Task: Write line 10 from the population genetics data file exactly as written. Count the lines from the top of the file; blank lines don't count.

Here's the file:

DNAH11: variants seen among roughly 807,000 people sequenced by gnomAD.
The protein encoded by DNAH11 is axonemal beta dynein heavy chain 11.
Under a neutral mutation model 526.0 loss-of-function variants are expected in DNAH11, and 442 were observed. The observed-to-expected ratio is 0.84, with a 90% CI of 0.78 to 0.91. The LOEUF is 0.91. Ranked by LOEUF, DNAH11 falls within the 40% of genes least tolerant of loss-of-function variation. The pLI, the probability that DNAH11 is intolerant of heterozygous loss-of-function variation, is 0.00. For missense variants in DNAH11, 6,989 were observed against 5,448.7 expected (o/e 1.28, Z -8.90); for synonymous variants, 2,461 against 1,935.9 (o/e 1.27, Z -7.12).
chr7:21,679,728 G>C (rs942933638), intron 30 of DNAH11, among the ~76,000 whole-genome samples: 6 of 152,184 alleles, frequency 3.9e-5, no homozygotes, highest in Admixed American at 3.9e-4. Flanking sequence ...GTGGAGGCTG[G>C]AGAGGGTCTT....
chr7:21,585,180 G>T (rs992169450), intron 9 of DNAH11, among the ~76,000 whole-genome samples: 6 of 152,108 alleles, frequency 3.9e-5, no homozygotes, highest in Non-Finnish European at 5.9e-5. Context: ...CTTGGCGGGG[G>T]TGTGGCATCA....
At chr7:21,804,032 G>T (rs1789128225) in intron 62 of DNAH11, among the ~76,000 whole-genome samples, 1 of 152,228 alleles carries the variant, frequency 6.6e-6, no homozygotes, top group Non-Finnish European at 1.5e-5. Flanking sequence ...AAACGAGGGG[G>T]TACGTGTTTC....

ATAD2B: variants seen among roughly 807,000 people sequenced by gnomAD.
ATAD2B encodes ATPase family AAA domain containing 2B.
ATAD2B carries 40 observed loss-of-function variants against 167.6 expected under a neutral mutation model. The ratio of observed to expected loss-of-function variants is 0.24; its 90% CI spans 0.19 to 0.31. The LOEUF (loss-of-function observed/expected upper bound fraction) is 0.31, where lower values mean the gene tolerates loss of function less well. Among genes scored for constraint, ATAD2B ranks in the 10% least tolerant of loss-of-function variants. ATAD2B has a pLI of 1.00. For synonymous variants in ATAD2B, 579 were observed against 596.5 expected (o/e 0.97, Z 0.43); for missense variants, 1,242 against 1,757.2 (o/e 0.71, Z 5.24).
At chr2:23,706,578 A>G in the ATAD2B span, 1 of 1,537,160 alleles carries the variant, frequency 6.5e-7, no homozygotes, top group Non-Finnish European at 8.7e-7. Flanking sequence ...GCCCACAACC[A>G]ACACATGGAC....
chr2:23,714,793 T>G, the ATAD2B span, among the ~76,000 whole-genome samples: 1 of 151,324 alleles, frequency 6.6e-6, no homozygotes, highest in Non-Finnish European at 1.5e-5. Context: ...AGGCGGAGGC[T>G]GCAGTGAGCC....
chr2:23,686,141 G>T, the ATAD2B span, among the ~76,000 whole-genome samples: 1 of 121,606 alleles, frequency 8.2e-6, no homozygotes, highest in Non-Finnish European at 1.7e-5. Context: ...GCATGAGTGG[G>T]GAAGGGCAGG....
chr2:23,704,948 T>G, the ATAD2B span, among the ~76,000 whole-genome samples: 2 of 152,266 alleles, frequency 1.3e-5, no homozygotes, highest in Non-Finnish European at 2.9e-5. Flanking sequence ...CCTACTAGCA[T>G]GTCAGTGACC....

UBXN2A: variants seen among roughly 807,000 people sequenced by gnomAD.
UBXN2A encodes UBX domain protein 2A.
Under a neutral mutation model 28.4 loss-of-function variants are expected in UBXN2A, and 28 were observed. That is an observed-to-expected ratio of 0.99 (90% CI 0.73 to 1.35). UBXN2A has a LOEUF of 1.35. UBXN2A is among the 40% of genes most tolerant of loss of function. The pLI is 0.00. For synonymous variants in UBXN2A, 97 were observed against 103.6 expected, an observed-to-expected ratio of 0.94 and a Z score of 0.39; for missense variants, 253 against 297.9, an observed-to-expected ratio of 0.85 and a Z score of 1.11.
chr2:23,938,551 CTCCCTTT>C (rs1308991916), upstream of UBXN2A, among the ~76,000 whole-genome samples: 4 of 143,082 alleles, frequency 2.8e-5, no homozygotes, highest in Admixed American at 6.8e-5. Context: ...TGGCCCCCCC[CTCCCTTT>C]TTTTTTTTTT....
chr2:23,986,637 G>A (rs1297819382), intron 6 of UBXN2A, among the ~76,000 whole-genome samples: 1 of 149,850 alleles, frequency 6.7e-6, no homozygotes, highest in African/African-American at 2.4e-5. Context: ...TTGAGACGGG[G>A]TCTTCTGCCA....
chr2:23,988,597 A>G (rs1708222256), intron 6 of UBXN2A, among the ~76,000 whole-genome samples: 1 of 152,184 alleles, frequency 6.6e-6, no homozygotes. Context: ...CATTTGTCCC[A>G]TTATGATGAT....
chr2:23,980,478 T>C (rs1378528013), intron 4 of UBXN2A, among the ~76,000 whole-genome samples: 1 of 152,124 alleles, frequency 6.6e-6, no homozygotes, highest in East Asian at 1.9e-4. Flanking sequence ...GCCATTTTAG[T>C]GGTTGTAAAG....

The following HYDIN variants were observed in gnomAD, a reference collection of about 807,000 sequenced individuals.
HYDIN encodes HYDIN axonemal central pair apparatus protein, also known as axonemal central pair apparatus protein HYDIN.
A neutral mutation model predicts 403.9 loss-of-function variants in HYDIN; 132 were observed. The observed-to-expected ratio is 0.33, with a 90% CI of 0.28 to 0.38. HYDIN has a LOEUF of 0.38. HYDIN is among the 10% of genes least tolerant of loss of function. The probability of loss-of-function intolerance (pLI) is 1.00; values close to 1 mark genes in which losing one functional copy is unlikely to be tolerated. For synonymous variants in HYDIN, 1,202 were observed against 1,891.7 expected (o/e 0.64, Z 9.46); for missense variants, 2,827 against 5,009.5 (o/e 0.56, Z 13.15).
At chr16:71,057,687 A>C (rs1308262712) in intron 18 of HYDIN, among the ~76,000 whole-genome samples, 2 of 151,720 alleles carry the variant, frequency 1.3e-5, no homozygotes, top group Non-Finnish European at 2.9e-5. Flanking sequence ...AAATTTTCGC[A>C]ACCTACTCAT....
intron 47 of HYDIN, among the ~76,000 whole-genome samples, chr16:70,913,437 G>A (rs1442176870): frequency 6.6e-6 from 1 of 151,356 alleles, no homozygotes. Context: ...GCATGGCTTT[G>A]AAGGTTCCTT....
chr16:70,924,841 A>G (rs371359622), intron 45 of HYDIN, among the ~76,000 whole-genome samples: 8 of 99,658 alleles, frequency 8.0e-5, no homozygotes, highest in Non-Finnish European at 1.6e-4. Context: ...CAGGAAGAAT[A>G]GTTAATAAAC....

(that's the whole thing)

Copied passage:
At chr2:23,706,578 A>G in the ATAD2B span, 1 of 1,537,160 alleles carries the variant, frequency 6.5e-7, no homozygotes, top group Non-Finnish European at 8.7e-7. Flanking sequence ...GCCCACAACC[A>G]ACACATGGAC....